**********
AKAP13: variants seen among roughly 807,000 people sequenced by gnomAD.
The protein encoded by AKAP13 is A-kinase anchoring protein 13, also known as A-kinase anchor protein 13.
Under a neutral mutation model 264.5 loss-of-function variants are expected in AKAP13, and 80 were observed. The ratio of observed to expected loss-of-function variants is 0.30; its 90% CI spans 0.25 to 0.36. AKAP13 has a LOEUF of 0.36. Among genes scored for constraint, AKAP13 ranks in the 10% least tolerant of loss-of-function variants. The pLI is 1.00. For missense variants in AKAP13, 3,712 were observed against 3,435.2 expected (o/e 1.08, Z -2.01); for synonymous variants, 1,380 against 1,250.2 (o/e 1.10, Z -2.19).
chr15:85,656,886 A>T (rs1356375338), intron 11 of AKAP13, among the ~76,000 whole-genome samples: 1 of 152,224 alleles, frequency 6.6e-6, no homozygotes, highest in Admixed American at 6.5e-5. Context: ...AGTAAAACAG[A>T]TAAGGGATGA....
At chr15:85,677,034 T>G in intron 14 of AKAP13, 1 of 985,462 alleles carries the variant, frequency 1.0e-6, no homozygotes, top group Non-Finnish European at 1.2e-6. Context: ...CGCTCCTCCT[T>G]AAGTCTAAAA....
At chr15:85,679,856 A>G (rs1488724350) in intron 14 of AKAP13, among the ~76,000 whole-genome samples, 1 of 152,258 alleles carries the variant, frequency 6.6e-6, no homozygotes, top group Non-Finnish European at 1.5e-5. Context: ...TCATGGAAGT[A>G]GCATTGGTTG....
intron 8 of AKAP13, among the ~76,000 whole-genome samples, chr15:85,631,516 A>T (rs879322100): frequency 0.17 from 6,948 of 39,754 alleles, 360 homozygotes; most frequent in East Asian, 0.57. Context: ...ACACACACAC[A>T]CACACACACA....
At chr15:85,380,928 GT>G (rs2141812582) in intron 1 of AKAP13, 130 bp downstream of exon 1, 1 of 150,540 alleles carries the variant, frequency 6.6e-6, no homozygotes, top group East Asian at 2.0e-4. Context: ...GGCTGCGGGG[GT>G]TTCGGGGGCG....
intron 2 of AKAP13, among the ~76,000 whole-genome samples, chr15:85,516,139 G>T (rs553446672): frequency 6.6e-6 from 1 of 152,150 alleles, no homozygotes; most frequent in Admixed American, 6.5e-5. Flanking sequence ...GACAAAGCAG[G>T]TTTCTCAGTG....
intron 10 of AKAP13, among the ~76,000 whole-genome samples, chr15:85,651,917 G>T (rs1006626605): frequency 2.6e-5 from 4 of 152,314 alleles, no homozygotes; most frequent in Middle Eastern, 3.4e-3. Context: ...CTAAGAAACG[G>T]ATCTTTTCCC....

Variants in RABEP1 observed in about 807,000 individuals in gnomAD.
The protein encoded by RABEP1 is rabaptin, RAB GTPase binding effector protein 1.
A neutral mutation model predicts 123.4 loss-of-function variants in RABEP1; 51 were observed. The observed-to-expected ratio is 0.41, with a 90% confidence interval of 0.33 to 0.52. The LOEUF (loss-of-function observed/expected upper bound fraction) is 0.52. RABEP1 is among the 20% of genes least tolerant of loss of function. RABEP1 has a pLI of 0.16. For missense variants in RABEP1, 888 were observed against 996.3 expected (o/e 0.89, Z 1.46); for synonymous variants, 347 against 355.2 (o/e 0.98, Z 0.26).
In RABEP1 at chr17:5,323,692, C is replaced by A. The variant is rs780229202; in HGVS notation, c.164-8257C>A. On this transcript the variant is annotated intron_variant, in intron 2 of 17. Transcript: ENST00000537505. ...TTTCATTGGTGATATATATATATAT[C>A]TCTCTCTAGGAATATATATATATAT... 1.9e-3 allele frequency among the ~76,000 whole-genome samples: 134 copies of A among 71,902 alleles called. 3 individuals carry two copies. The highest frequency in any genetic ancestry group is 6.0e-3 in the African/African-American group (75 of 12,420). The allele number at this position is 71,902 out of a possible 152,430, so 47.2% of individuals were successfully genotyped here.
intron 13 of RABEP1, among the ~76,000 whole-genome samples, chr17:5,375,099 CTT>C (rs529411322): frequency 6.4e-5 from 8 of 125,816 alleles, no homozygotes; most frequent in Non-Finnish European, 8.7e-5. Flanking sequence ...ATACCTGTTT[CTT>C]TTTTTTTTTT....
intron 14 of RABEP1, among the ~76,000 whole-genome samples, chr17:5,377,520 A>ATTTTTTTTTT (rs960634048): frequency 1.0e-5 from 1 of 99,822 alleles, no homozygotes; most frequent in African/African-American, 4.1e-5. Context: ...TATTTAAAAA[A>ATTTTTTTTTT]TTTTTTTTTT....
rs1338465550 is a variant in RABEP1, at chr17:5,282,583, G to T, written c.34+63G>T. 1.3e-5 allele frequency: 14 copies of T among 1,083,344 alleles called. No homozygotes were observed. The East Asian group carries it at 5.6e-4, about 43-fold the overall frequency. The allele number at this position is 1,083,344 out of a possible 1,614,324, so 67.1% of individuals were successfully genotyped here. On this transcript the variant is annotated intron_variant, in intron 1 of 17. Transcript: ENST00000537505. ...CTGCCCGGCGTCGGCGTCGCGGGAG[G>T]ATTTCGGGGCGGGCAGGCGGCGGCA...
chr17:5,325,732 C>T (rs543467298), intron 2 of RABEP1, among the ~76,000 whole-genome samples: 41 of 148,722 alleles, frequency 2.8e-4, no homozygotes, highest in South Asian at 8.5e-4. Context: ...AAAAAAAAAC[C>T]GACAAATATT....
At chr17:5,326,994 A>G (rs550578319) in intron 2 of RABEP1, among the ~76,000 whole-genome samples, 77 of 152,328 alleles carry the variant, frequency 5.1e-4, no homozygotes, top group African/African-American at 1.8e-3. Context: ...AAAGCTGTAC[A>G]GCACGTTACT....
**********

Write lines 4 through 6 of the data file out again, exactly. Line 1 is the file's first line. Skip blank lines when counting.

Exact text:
chr15:85,656,886 A>T (rs1356375338), intron 11 of AKAP13, among the ~76,000 whole-genome samples: 1 of 152,224 alleles, frequency 6.6e-6, no homozygotes, highest in Admixed American at 6.5e-5. Context: ...AGTAAAACAG[A>T]TAAGGGATGA....
At chr15:85,677,034 T>G in intron 14 of AKAP13, 1 of 985,462 alleles carries the variant, frequency 1.0e-6, no homozygotes, top group Non-Finnish European at 1.2e-6. Context: ...CGCTCCTCCT[T>G]AAGTCTAAAA....
At chr15:85,679,856 A>G (rs1488724350) in intron 14 of AKAP13, among the ~76,000 whole-genome samples, 1 of 152,258 alleles carries the variant, frequency 6.6e-6, no homozygotes, top group Non-Finnish European at 1.5e-5. Context: ...TCATGGAAGT[A>G]GCATTGGTTG....